The large infotainment screen also serves as the live display of the LaneWatch camera which is mounted in the passenger side mirror and provides a wide view down the side of the car. This is especially advantageous in when commuting alongside bicyclists.

Tech features such as LED headlights, Sat/ Nav, and Honda Sensing remain exclusive to the Civic Touring trim.

Static Review – Chassis/ Powertrain

The most controversial aspect of the Si. The 1.5L turbocharged four cylinder pumping out 205hp and 192 ft*lb low in the RPM range.

The biggest departure from Civic Si’s in the past is the lack of the VTEC system which allowed for a secondary cam profile and a surge in high RPM power. Coincidentally, it allowed for better driveability in the lower part of the rev-band. But as the industry has continued to advance with direct injection and combustion monitoring, turbocharging has become the preferred method of achieving high power ratings while maintaining the fuel economy of a downsized engine.

Compared to the standard Civic models, previous Si generations took significant hits in fuel economy ratings, even up to nearly 20% with their larger engines. However, the powertrain of the latest Si maintains the same engine displacement and gearing as the standard model. As a result, the EPA Combined rating only drops 9% while registering a 28% improvement over the the previous generation’s larger 2.4L engine. In fact, the Civic Si’s fuel economy ratings easily best those of its similarly powered competitors.

Employing a unique turbocharger and increasing the maximum boost pressure over the standard Civic 1.5L turbo four cylinder engine, output jumps by 31 peak horsepower and 25 ft*lb of torque. Compared to the naturally aspirated engine in the previous Si, the flexibility of the turbo becomes especially noticeable as peak torque begins at a low 2,100 RPM and is maintained all the way to 5,000 RPM.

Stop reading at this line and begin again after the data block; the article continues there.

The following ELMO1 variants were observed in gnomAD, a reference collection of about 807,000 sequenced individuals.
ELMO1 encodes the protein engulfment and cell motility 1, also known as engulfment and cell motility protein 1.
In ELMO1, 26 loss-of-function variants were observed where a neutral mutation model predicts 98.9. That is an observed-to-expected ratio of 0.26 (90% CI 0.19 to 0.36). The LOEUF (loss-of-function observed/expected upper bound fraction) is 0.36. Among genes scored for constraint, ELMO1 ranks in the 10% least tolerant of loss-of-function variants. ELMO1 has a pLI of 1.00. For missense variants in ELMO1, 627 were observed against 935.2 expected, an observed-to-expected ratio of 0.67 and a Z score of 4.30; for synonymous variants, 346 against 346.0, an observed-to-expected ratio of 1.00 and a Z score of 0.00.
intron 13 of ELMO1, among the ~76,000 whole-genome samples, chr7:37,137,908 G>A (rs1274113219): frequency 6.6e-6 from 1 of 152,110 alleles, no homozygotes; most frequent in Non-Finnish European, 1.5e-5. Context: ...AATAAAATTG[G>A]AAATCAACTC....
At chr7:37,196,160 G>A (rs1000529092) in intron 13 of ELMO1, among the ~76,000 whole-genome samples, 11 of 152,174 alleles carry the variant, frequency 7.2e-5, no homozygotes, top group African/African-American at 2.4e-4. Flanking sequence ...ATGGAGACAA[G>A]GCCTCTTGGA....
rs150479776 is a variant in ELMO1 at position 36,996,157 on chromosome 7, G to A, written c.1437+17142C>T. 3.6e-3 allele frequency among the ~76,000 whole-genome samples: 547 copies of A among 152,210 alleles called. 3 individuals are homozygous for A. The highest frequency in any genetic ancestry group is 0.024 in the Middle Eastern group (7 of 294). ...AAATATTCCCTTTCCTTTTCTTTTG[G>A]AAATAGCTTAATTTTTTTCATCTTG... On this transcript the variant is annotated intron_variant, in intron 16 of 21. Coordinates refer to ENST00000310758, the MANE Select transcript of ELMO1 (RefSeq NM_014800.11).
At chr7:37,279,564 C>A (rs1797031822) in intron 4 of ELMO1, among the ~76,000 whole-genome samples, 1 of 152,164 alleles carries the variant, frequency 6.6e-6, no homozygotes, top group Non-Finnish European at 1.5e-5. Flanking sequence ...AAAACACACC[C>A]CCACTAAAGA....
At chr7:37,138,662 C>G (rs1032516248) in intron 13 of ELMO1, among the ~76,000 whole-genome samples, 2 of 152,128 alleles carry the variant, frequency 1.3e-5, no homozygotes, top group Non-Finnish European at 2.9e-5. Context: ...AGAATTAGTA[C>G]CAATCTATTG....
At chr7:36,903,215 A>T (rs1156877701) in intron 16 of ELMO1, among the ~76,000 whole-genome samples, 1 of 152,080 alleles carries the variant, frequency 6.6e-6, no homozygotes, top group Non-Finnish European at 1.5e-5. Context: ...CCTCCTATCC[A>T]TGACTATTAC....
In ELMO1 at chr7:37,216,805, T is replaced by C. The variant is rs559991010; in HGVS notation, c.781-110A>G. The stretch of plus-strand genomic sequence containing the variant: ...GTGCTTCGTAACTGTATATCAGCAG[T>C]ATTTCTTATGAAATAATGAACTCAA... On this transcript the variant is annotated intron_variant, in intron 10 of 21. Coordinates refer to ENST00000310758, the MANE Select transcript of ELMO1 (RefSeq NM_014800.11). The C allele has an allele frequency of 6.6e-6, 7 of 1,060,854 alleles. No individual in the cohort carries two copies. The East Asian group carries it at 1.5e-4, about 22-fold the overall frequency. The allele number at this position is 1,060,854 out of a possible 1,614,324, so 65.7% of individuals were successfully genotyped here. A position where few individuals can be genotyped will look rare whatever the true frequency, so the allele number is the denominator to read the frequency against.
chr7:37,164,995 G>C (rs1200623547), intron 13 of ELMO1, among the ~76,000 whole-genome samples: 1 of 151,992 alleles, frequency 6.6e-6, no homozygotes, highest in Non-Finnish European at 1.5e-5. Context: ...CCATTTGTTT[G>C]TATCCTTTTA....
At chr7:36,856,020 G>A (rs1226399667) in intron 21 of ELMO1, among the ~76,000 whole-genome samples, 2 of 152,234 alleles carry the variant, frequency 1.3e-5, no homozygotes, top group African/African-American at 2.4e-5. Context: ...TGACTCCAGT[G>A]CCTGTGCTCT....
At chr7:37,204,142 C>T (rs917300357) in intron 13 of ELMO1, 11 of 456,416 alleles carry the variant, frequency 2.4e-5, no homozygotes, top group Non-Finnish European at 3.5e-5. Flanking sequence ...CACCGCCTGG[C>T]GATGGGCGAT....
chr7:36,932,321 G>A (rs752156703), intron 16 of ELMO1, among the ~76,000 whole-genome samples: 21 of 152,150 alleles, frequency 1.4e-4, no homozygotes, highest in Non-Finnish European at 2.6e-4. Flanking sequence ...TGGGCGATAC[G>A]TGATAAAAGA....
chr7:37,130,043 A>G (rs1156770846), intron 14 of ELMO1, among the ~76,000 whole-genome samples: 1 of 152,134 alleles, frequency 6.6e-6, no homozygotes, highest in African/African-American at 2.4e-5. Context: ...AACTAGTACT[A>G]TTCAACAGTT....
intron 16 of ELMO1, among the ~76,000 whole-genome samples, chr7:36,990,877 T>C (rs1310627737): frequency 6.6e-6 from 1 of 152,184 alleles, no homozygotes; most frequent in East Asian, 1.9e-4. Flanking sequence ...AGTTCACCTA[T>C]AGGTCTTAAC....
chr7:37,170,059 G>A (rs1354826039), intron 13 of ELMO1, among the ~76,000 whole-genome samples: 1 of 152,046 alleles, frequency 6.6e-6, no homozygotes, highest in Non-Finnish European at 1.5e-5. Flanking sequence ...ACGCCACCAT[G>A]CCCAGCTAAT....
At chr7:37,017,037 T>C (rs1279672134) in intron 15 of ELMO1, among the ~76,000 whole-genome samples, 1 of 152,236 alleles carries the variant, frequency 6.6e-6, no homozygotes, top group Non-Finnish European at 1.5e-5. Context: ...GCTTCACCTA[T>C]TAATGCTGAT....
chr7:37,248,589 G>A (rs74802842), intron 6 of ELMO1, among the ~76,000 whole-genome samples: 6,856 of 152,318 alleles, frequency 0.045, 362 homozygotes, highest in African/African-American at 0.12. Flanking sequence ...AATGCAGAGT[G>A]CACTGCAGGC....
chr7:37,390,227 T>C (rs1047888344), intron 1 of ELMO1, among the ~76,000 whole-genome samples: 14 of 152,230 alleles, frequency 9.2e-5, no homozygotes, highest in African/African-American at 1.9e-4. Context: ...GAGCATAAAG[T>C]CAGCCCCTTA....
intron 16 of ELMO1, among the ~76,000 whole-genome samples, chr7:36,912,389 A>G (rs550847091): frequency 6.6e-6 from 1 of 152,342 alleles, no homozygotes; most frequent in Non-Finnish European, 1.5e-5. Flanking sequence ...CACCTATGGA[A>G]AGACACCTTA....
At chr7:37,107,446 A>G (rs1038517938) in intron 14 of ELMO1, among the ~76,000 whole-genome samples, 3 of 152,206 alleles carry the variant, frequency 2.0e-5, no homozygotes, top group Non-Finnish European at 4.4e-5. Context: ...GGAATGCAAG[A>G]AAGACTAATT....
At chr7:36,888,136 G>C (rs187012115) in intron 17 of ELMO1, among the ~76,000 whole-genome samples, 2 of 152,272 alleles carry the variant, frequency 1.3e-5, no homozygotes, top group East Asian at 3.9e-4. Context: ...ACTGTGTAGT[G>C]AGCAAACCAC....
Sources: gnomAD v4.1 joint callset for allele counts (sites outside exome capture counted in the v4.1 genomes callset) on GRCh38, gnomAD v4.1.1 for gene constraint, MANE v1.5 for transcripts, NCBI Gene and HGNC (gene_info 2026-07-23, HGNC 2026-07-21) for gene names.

Transferring this much power to the front tires often creates a traction problem, especially when accelerating out of a turn. Some manufacturers utilize the brakes to limit wheel slip while others choose a more efficient mechanical device. Honda’s system is a helical limited slip differential unit and mechanically controls power distribution to each wheel seamlessly with no wearing components.

The McPherson Strut front and multi-link rear suspensions receive numerous updates to improve turn in and sharpen the overall handling.

The front suspension receives increased spring rate,  a stronger stabilizer bar, and ADS.

The Adaptive Damper System allowed Honda engineers to create two different dampening characteristics, Normal and Sport, which can be selected by the driver. The disc brakes at each corner have been enlarged to better manage the heat generated from repeated hard braking. Even the motor of the electronic power steering system has been upgraded to handle the increased dynamic loads.

The rear suspension uses parts common with the track-focused Type R

In addition to the mechanical chassis upgrades, electronic systems from the standard Civic carry over from the performance minded Agile Handling Assist which will selectively brake a specific wheel to induce yaw to the mundane Brake Hold system which frees the driver from having to keep a foot on the brake at a traffic light. The latter being one of those “don’t knock it until you’ve tried it” features.

Static Review – Price

Using the Civic EX-T as the starting price point, the exclusive interior, exterior, engine, and chassis features and components require an additional $2,300. With summer tires being the only option ($200), the total price of the Civic Si in this review is $24,975. While it’s difficult to directly compare against competitors with the varying feature content and power outputs, its traditional rival, the VW GTI, starts at $1,500 more. Additional cars with an increased emphasis on sport are the more powerful Ford Focus ST and the well equipped Hyundai Elantra Sport and Kia Forte5 SX which share powertrains.

Dynamic Evaluation – Start Up and Drive

Depressing the glowing starter button, the four cylinder fires up without fanfare as it seems more focused on warming quickly than rousing any attention. The electronic parking brake releases with a mechanical whir and the light clutch communicates openly as it engages with the engine. Despite the engine being sufficiently warmed, making a first to second rev match shift nearly impossible unless you have ~4 seconds to wait for the RPM’s to finally fall. For those who can’t wait, the shift requires a slip of the clutch to bring the engine speed down and it all ends up sounding very amateurish. Honda is not alone with this emissions focused engine mapping and it is something that becomes less distracting the more time spent with the car.